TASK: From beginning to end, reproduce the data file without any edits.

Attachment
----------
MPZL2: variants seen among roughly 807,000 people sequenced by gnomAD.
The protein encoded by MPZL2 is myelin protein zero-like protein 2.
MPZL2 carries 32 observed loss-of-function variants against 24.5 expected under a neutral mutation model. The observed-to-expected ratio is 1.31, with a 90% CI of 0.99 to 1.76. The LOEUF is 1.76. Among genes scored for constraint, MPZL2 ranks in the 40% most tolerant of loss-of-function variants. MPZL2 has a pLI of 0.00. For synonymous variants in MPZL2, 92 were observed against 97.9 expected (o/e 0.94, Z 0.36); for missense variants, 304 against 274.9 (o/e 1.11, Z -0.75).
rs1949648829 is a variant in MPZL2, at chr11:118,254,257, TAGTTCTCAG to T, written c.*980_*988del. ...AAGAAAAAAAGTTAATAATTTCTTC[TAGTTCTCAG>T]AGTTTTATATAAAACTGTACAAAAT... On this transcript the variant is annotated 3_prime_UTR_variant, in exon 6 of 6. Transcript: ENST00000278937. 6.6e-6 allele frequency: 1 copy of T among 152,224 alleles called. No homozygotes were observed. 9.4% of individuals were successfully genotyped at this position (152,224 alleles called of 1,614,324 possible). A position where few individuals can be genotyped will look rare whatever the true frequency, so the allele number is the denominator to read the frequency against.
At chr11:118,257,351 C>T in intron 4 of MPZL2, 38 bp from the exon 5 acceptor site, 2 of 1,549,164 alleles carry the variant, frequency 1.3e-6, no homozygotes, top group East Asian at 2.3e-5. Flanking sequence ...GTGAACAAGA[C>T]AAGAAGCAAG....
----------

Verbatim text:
MPZL2: variants seen among roughly 807,000 people sequenced by gnomAD.
The protein encoded by MPZL2 is myelin protein zero-like protein 2.
MPZL2 carries 32 observed loss-of-function variants against 24.5 expected under a neutral mutation model. The observed-to-expected ratio is 1.31, with a 90% CI of 0.99 to 1.76. The LOEUF is 1.76. Among genes scored for constraint, MPZL2 ranks in the 40% most tolerant of loss-of-function variants. MPZL2 has a pLI of 0.00. For synonymous variants in MPZL2, 92 were observed against 97.9 expected (o/e 0.94, Z 0.36); for missense variants, 304 against 274.9 (o/e 1.11, Z -0.75).
rs1949648829 is a variant in MPZL2, at chr11:118,254,257, TAGTTCTCAG to T, written c.*980_*988del. ...AAGAAAAAAAGTTAATAATTTCTTC[TAGTTCTCAG>T]AGTTTTATATAAAACTGTACAAAAT... On this transcript the variant is annotated 3_prime_UTR_variant, in exon 6 of 6. Transcript: ENST00000278937. 6.6e-6 allele frequency: 1 copy of T among 152,224 alleles called. No homozygotes were observed. 9.4% of individuals were successfully genotyped at this position (152,224 alleles called of 1,614,324 possible). A position where few individuals can be genotyped will look rare whatever the true frequency, so the allele number is the denominator to read the frequency against.
At chr11:118,257,351 C>T in intron 4 of MPZL2, 38 bp from the exon 5 acceptor site, 2 of 1,549,164 alleles carry the variant, frequency 1.3e-6, no homozygotes, top group East Asian at 2.3e-5. Flanking sequence ...GTGAACAAGA[C>T]AAGAAGCAAG....